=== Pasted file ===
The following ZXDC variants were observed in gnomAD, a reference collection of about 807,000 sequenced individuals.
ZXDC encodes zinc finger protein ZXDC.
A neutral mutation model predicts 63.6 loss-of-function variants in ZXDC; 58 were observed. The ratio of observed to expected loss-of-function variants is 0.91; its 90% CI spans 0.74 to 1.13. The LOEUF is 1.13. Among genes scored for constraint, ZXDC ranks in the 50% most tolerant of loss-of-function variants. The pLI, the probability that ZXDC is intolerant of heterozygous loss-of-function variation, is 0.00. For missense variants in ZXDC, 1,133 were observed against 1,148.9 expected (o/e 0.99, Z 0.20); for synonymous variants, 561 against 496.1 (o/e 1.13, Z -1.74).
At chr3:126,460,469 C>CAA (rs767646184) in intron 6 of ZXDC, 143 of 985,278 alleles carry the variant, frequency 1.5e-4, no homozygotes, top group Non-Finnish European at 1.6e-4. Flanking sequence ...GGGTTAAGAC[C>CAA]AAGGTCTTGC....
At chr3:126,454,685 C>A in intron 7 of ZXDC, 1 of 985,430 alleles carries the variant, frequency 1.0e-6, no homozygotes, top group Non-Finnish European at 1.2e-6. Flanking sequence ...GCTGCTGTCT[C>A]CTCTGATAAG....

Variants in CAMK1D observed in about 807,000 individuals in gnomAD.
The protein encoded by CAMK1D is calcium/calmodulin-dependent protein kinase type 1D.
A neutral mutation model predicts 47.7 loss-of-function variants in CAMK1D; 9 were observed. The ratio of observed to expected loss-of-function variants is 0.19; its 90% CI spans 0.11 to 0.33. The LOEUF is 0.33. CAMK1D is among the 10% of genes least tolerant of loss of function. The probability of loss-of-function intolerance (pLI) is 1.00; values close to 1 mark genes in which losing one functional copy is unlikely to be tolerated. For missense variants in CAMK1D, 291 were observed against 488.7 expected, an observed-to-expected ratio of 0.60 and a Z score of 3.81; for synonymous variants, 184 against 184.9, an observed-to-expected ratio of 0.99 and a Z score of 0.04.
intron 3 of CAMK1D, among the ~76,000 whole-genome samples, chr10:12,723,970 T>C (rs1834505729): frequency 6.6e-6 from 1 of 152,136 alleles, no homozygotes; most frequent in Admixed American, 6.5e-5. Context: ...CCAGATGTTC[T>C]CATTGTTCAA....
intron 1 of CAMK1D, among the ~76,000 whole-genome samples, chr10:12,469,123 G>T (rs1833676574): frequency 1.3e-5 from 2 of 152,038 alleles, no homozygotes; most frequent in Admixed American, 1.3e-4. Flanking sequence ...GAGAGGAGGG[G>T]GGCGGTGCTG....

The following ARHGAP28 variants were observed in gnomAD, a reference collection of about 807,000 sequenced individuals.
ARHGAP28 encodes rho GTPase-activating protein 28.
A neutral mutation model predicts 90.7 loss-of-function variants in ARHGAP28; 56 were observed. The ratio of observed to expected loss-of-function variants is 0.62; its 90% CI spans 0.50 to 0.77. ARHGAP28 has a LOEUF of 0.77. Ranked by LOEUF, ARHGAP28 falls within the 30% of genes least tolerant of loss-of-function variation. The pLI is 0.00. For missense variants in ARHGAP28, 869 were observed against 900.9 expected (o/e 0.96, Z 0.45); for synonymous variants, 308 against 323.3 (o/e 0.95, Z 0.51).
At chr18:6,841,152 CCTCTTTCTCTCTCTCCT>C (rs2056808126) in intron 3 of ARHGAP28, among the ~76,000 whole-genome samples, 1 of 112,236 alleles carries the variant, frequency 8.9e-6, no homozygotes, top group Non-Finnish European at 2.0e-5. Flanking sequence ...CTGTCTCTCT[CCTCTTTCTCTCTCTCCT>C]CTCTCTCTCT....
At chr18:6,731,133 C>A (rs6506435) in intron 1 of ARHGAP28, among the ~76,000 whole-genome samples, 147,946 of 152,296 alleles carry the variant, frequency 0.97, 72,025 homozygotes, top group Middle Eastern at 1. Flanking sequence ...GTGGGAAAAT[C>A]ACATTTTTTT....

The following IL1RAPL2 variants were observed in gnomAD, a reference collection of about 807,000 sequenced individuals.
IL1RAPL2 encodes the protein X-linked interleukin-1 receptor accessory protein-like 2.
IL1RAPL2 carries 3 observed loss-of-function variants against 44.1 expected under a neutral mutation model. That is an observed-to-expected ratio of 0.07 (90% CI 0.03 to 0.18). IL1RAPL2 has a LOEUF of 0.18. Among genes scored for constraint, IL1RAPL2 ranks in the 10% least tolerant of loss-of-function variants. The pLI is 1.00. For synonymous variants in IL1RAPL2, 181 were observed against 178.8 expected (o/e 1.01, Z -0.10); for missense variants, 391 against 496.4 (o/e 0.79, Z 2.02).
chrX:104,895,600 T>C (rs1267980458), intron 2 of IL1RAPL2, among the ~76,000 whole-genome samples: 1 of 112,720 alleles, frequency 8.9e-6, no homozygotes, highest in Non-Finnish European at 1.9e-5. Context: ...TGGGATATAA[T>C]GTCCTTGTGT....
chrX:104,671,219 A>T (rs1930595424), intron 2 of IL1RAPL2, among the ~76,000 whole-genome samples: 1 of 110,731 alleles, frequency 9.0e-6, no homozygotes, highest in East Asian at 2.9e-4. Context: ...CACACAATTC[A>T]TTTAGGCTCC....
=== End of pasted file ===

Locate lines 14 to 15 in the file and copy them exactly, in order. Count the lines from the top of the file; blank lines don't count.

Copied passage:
At chr18:6,841,152 CCTCTTTCTCTCTCTCCT>C (rs2056808126) in intron 3 of ARHGAP28, among the ~76,000 whole-genome samples, 1 of 112,236 alleles carries the variant, frequency 8.9e-6, no homozygotes, top group Non-Finnish European at 2.0e-5. Flanking sequence ...CTGTCTCTCT[CCTCTTTCTCTCTCTCCT>C]CTCTCTCTCT....
At chr18:6,731,133 C>A (rs6506435) in intron 1 of ARHGAP28, among the ~76,000 whole-genome samples, 147,946 of 152,296 alleles carry the variant, frequency 0.97, 72,025 homozygotes, top group Middle Eastern at 1. Flanking sequence ...GTGGGAAAAT[C>A]ACATTTTTTT....